Andy Clark, president of the League of American Bicyclists, argues: “The Dutch invest in bicycle travel because their economy depends on truck and train traffic to and from the North Sea ports. They can’t afford to have their highways bunged up with single-occupant vehicle trips – they don’t have the space and nor does their environment have the carrying capacity to manage it. For the cost of just a few hundred feet of the proposed rebuild of the I-5 Columbia River bridge from Portland to Vancouver, the Portland region could achieve a 20%-25% mode share for bikes – doing more for regional congestion, the trucking industry, air quality, and obesity levels than the entire bridge ‘improvement’ project.”

Holland’s population density is 1,035 people per square mile. The United States’ is 85. Comparing the U.S. economy and transportation needs to the Netherlands is a distraction.

Let’s return to what Secretary LaHood actually wrote: “Today, I want to announce a sea change. People across America who value bicycling should have a voice when it comes to transportation planning. This is the end of favoring motorized transportation at the expense of non-motorized.” Let’s say we have an interchange proposed to ease congestion in a large urban area that crosses the border of two states. If we are to take the Secretary seriously, we’d see planners devote as much time on planning and designing for bikes paths as for trucks. And that would be dumb and irresponsible.

Bikes are fine. We like bikes. More people should ride them. But their advocacy, especially coming from a Cabinet secretary, should bear some connection to the real world and the United States as a modern industrial nation.

Maybe the Local Folks Should Pay for Their Own Bike Paths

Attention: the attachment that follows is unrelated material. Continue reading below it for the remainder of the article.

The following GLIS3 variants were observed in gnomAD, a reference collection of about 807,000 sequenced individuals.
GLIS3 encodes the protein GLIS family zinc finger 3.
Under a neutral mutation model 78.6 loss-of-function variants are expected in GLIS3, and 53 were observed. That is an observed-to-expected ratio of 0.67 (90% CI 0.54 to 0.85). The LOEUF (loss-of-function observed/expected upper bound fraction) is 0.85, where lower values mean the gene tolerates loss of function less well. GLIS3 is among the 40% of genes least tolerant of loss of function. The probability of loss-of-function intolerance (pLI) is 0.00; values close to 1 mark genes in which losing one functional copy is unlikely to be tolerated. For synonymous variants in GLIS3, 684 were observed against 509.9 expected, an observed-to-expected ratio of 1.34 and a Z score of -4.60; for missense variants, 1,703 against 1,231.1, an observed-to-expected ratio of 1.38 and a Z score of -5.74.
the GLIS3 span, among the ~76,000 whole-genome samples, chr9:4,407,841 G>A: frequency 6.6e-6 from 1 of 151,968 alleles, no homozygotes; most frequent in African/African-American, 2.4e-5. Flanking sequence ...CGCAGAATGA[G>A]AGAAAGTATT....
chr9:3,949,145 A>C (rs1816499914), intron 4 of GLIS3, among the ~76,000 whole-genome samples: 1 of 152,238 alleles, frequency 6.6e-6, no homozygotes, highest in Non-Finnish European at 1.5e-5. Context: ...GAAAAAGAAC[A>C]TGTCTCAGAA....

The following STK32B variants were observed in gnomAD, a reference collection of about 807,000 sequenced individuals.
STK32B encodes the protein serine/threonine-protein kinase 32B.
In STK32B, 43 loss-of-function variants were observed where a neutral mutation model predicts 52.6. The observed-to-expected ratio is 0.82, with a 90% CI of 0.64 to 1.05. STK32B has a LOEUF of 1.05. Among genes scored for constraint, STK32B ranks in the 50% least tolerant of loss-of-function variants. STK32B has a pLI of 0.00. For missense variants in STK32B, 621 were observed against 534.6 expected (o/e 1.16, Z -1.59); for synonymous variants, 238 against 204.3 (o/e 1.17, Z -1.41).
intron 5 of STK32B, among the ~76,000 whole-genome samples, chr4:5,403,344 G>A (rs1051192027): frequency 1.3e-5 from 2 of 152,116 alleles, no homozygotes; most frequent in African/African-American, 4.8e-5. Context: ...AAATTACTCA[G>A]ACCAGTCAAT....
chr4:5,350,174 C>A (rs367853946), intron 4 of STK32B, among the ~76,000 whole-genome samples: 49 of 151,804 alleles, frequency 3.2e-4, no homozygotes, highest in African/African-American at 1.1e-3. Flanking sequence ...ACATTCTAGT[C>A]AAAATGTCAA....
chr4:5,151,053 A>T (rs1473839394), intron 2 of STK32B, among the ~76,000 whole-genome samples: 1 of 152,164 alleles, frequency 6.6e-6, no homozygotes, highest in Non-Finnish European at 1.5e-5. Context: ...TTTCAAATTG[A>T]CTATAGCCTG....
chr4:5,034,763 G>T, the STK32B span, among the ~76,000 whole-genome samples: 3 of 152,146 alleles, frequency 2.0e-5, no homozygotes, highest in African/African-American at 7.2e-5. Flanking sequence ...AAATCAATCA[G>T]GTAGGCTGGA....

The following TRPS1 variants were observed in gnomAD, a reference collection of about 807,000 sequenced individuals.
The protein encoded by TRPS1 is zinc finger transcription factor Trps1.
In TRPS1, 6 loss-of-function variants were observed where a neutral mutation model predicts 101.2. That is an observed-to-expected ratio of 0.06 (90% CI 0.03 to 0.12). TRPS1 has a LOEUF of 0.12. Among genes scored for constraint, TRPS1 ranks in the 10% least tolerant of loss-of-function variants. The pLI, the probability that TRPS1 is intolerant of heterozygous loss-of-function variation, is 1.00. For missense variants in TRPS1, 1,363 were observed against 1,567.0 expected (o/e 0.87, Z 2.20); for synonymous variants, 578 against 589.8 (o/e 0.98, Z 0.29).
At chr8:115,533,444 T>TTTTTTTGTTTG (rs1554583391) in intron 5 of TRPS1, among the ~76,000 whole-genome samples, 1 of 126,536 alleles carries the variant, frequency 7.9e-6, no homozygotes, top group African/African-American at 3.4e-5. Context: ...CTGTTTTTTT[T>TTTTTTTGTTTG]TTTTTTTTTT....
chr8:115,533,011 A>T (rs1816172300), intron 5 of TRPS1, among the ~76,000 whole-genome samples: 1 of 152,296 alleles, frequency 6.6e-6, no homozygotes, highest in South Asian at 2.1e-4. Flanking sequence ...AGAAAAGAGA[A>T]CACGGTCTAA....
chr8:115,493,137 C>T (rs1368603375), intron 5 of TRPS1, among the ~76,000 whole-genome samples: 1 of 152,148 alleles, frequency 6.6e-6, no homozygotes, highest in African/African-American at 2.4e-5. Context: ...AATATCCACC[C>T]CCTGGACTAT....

By | Economy, Infrastructure, Taxation | One Comment

The National Journal has joined the few media outlets giving attention to Secretary of Transportation Ray LaHood’s recent policy pronouncement of a “sea change,” that the federal government would now treat motorized and non-motorized equally. In the online “Expert Blogs” feature, the publication today asks:

LaHood called the new policy a “sea change,” but is it a good one? Should non-motorized modes of transportation be treated as equal to other modes, particularly when modes like driving and mass transit are at least partially, if not primarily, self-funded? Or is it the essence of DOT’s evolving 21st-century mission to give people more mobility options that, according to LaHood, are relatively fast and inexpensive to build, are environmentally sustainable, reduce travel costs, improve safety and public health, and “reconnect citizens with their communities?”

We’ve already pointed out (here, here and here) that 80 percent of U.S. freight moves by truck and argued that LaHood’s pedal parity is nonsensical for a modern industrial nation.

In his expert response, Greg Cohen, President and CEO of the American Highway Users Alliance, also raises the important point that the public overwhelmingly believes funding for bike paths and the like is primarily a city and county responsibility, followed by the state. Cohen cites a 2008 survey by Fabrizio McLaughlin and Associates:

[Only] 4% of Americans felt that the federal government should take the leadership role in funding bicycle paths. 78% said that county and city governments should lead on bicycle paths and 17% said state government should do so.